And while these Miraduoros (aka scenic overlooks) are found throughout Lisbon, head to Miraduoro Portas do Sol for the best views of Alfama.
You can also check out the view from Miraduoro de Sao Pedro de Alcantara since it’s a lovely place to people watch.
17. Watch out for Hidden Restaurant Fees
You know when you sit down at a restaurant and your waiter automatically brings you something, like bread, which is usually free?
Well, that rule doesn’t apply in Lisbon.
When you sit down in many Lisbon restaurants, waiters will typically bring you out a plate of cheese, bread, and olives.
Yeah, this plate is not free and you will be charged for it.
So if you’re not down with paying for this appetizer, then leave the plate alone and send it back to the kitchen.
18. Take a Day Trip from Lisbon
If you’re visiting Lisbon for the first time:
Definitely take a day trip out of the city. Personally, my favorite day trip from Lisbon is to Sintra.
Everywhere you turn, you see these majestic, vibrantly colored castles that emerge from a series of beautiful mountains covered in thick, lush forests (lush is code for it’s damp and wet so dress accordingly).
Getting to this magical land of Moorish castles and pastel-hued manor houses can be a bit tricky though, so I booked a Sintra day trip from Lisbon just to make my life a little easier.
But it’s up to you since many people do this day trip on their own and have a fantastic time.
If you do visit, take some time to explore the vibrantly colored, Moorish style castle known as Palácio Nacional da Pena and Quinta de Regaleira, an enchanting villa with intriguing mythological statues and beautiful stone spires that capture the wondrous feeling of Sintra’s natural landscape.
You can also take a day trip to Cascais since this charming town has amazing beaches that are just a thirty-minute train ride away from Lisbon.
From here, you can enjoy the beach and marvel at the cliffside views that look out onto the Atlantic Ocean. the views from the amazing
***Personally, I prefer Sesimbra to Cascais since it less crowded and not quite as touristy as the more famous Cascais.***
19. Explore Alfama
When I was planning my trip to Lisbon:
The one thing that EVERYONE highly recommended was exploring the Alfama District.
I wasn’t too excited since I wanted a big name site with bells, whistles, fireworks, and a ticker tape parade (weird American thing).
Yeah, Alfama is none of those things.
Instead, Alfama is an unassuming, historic district in Lisbon that astounds almost everyone who visits. Walking through these charming streets, you’ll find enchanting buildings swathed in the vivacious colors of local tile work.
The architecture, tile work, and historic trams whizzing through Alfama all make you feel like you’ve gone back to a time when Twilight was just a time of day (not a book) and the only cell phones available were called Carrier Pigeons.
Also, check out some of Lisbon’s other neighborhoods too (a quick Lisbon neighborhood guide below).
Barrio Alto – A residential neighborhood that has a vivacious nightlife scene, with many clubs and bars that are open until the early hours of the morning.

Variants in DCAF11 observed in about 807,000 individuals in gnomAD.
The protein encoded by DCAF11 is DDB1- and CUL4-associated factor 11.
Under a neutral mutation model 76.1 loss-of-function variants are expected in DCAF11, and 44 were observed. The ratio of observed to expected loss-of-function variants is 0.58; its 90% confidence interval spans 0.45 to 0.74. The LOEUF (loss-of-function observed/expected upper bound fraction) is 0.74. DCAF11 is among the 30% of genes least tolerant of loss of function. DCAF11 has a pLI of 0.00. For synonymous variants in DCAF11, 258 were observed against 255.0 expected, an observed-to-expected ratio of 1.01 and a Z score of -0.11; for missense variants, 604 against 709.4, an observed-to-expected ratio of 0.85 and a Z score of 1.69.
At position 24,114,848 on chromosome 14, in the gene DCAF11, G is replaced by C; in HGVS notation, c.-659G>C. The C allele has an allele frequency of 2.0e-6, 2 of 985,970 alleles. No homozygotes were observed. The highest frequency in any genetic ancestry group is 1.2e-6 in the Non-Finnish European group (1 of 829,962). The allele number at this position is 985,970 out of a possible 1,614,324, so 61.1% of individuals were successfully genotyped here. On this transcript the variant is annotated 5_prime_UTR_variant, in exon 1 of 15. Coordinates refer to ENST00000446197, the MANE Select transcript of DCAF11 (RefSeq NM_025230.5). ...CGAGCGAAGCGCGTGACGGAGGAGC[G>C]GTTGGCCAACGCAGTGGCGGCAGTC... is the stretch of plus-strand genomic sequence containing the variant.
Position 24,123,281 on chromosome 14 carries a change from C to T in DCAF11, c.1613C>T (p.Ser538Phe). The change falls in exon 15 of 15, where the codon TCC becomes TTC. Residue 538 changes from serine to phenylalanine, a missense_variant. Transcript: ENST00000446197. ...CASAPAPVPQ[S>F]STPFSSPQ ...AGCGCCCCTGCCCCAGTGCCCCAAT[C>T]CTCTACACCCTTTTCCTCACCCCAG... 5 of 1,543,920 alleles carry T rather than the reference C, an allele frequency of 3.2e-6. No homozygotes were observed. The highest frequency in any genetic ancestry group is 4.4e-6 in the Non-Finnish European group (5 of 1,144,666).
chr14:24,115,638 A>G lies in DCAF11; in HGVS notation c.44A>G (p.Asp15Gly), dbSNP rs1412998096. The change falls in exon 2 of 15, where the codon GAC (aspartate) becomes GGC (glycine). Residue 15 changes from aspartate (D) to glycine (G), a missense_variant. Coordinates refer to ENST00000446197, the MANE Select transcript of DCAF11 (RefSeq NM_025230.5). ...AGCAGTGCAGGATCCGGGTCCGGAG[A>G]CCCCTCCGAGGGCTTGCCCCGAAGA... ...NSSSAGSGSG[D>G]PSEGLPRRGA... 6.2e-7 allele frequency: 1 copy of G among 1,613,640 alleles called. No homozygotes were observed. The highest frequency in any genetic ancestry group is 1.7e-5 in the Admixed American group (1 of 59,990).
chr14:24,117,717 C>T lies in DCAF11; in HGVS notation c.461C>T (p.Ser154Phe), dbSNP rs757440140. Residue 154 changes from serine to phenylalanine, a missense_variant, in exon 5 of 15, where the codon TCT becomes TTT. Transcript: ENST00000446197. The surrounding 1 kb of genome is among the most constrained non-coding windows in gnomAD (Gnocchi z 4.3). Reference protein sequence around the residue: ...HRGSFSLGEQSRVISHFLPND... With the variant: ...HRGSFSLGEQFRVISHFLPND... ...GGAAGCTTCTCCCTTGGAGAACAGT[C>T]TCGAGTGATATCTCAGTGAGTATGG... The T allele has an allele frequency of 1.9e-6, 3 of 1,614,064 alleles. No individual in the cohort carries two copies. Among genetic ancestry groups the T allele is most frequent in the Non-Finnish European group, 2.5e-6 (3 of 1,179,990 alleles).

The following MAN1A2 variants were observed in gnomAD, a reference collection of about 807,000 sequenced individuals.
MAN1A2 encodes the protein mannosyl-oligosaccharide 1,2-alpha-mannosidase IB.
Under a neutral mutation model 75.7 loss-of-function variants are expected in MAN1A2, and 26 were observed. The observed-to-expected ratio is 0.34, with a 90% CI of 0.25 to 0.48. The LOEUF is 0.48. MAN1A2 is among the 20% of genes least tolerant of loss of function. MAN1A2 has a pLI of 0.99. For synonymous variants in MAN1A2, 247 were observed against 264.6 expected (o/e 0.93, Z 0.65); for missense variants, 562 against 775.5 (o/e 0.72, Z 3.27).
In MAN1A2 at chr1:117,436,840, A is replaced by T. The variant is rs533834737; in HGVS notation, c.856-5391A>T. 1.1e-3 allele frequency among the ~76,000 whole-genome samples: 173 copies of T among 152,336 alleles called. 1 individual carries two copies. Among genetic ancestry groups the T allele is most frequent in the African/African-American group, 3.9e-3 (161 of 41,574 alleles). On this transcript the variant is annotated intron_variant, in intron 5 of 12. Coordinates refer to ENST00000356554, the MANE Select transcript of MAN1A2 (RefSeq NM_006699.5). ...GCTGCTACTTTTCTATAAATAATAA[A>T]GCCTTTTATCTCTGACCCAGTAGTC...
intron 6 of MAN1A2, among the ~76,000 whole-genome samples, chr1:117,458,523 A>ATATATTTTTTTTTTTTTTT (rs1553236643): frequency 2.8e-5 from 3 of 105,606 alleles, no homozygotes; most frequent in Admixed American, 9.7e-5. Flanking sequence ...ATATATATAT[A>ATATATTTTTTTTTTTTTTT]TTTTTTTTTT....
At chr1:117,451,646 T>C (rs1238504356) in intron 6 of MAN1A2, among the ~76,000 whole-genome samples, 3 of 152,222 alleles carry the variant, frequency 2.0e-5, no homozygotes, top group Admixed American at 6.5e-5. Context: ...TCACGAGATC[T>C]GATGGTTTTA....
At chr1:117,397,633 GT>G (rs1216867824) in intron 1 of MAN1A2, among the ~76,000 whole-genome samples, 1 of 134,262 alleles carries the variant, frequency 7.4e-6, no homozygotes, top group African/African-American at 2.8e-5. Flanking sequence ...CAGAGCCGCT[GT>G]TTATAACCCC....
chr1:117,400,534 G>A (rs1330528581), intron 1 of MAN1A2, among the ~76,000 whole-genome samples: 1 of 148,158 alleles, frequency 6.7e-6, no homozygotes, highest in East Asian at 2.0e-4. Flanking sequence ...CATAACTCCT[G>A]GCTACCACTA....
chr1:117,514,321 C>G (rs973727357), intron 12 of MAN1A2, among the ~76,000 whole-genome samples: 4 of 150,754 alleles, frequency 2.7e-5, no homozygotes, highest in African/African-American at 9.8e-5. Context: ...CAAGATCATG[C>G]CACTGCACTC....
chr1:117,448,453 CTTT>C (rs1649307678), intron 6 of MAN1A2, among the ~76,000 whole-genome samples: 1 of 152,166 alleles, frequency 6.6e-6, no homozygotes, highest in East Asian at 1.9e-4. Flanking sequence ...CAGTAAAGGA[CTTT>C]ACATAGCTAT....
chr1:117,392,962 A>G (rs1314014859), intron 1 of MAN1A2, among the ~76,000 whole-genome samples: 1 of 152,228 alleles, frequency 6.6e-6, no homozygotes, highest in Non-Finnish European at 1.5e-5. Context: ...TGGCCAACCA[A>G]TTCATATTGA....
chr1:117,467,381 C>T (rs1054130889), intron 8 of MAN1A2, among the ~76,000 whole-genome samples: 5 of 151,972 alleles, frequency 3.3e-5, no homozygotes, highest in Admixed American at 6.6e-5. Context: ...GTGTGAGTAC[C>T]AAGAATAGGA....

Cais de Sodre – Home to trendy bars and cafes, this is the Lisbon neighborhood where you’ll find the Time Out Market and the Mercado da Ribiera.
Belem – A port area to the West of Lisbon that is home to the Tower of Belem, the Mosteiro dos Jeronimos, Pasteis de Belem (best egg tarts in Lisbon), and at museum district at includes the Museum for Art, Architecture and Technology.
Chiado – Upscale, artistic Lisbon neighborhood filled with grand cafes and posh art galleries.
Baixia – An upscale Lisbon neighborhood with wide boulevards, charming boutiques, and home to the legendary Elevator de Santa Justa,
20. Explore Local Street Art
Like most concrete jungles:
The graffiti in Lisbon has been transformed into a worldwide craze known as “street art”.
But, where can you find the best street art in Lisbon?
Walk to the west side of the Avenida da Liberdade, in Restauradores square, and find the Gloria Funicular, just around the corner from the tourist office in Palácio Foz.
As you ride the funicular up the hill, you’ll see a ton of street art on your right since this area is a designated street art gallery.
To Find More Street Art:
You can also hop on the Tram 28 stop, near Lisbon Cathedral. Continue uphill and on your right, after a few stops, you’ll find some of the most famous street art pieces in all of Lisbon.
Still not enough street art for you?
Well, while you’re stuffing your face at Time Out Market, check out some of the street art there, and then head on over to LX Factory, a renovated industrial complex that houses some of Lisbon’s most eclectic shops, restaurants, and street art murals.
Take some time to enjoy some unique murals that are fashioned out of discarded objects to redefine the human definition of waste and to promote more sustainable consumption practices..
***If you’re obsessed with street art like me, then you may want to book a Lisbon street art walking tour. This way, you can quickly and easily see as much Lisbon street art as possible.***